The shoot had been going for some hours when I arrived, and the team were onto the last look of the day – seven girls clad in fabulously colourful drop waist, oversized and kaftan shaped tropical dresses. For S/S 2012 Tata Naka were inspired by 1950s east coast chic, combined with flowery resort glamour… and these last garments screamed Aloha.

Taka Naka S/S 2012 by Clare Twomey
Taka Naka S/S 2012 by Clare Twomey.

The models stood in formation on chairs against a black background with rose petals scattered across the floor, in an approximation of a famous Pina Bausch dance sequence. The much loved choreographer’s work had inspired the whole shoot, hence the dance card invitations.

Tata Naka Fashion Illustration By Vicky Newman
Tata Naka S/S 2012 by Vicky Newman.

Attendees were served fresh lemonade in Tata Naka themed bottles decorated with carnations as we circulated around the shoot. We were able to take our own photos and see the others on a computer screen as the team scrutinised the latest official shots.

Tata Naka SS 2012 LFW review -photo by Amelia Gregory
Tata Naka S/S 2012. All photography by Amelia Gregory.

Twin sisters Tamara and Natasha Surguladze graduated from Central Saint Martins in 2000, and their label, Tata Naka, celebrated it’s tenth anniversary recently. The brand, which encompasses diffusion lines Stolen Memories and Tata Naka Shrunk for children, is celebrated worldwide yet curiously they have no stockists in the UK. It seems utterly bizarre to me that these talented designers are not more widely feted in the country where they trained and have chosen to make their home. Let’s hope that changes soon.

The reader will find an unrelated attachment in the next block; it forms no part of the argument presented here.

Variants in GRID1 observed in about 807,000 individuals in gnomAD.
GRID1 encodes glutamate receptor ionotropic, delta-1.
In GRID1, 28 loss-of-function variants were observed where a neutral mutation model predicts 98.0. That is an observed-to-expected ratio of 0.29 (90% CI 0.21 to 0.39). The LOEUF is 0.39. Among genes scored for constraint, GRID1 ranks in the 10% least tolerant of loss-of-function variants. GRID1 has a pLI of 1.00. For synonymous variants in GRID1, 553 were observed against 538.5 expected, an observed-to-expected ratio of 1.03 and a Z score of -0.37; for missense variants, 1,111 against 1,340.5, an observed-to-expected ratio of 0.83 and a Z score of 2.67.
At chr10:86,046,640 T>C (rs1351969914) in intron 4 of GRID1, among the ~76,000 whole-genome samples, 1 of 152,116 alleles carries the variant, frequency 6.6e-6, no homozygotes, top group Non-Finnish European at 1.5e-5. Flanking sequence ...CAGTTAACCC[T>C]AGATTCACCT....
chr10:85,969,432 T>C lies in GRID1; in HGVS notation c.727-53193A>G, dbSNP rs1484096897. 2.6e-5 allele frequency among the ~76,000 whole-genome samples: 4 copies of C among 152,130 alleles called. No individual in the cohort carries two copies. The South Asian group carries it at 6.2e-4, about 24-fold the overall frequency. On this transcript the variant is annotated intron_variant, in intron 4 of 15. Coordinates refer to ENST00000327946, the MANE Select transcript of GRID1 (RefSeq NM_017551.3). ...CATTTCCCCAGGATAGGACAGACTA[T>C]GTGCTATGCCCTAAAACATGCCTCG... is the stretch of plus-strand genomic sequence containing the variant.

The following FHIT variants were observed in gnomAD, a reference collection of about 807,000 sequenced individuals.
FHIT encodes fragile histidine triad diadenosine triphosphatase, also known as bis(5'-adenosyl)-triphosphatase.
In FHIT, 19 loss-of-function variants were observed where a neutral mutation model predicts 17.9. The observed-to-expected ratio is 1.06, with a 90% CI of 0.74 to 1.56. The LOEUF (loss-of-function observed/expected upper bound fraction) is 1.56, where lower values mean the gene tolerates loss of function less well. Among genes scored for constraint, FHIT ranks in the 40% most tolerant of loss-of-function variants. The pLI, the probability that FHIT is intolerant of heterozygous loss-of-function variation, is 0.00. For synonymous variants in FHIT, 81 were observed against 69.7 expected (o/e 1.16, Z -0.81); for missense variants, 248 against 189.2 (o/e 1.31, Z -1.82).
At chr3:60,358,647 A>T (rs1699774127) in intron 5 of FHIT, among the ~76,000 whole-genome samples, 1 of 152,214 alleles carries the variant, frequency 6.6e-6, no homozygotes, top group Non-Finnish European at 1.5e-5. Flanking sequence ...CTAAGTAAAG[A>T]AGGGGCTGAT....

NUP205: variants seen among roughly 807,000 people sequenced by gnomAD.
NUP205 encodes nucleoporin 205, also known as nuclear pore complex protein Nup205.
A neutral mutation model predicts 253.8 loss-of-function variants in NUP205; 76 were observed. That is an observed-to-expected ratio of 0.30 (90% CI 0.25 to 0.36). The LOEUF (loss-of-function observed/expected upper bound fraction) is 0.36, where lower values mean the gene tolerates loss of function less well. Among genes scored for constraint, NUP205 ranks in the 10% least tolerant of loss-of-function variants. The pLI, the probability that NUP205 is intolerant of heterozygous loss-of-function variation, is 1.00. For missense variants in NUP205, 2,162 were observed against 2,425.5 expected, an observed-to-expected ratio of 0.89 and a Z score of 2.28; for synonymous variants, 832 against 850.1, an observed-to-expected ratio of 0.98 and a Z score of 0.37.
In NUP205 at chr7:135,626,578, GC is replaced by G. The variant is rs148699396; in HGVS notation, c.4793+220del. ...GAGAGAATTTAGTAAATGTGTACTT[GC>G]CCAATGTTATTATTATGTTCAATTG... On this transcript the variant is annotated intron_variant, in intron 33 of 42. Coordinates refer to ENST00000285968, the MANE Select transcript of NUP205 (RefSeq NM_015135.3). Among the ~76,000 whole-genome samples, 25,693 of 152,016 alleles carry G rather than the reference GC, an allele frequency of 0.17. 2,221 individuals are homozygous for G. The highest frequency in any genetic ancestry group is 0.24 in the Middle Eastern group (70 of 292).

Categories ,Alison Day, ,Aloha, ,Central Saint Martins, ,Choreographer, ,Clare Twomey, ,dance, ,lfw, ,London Fashion Week, ,Look Book, ,Pina Bausch, ,Portico Rooms, ,Presentation, ,S/S 2012, ,Shoot, ,Somerset House, ,Stolen Memories, ,Tamara and Natasha Surguladze, ,Tata Naka, ,Tata Naka Shrunk, ,Twins, ,Vicky Newman, ,Yelena Bryksenkova

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Amelia’s Magazine | London Fashion Week S/S 2012 Presentation Review: Tata Naka

Taka Nata S/S 2012 by Alison Day
Taka Nata S/S 2012 by Alison Day.

Turning up to the Tata Naka presentation I had very little idea of what to expect but I had been most intrigued by their invitation, a dance card with mini pencil attached as if to list dances. I have always loved Tata Naka; their combination of colourful painted print designs and loose fitting but cleverly cut shapes is right up my street.

Tata Naka SS 2012 LFW review -photo by Amelia Gregory
Tata Naka SS 2012 LFW review -photo by Amelia Gregory
Tata Naka S/S 2012 by Yelena Bryksenkova
Tata Naka S/S 2012 by Yelena Bryksenkova.

The presentation was held in the Portico Rooms and as I walked in I felt as though I’d chanced upon a private studio session. Huge lights, photographer, stylist. It took me right back to the days when I spent a lot of time loitering around on fashion shoots for magazines such as The Face and I-D. And, it turns out that this was the entire intention. By combining their time in Somerset House with the creation of look book images, Tata Naka had very cleverly made the most of their time and money as well as opening up the creative process for all to see. Absolutely genius.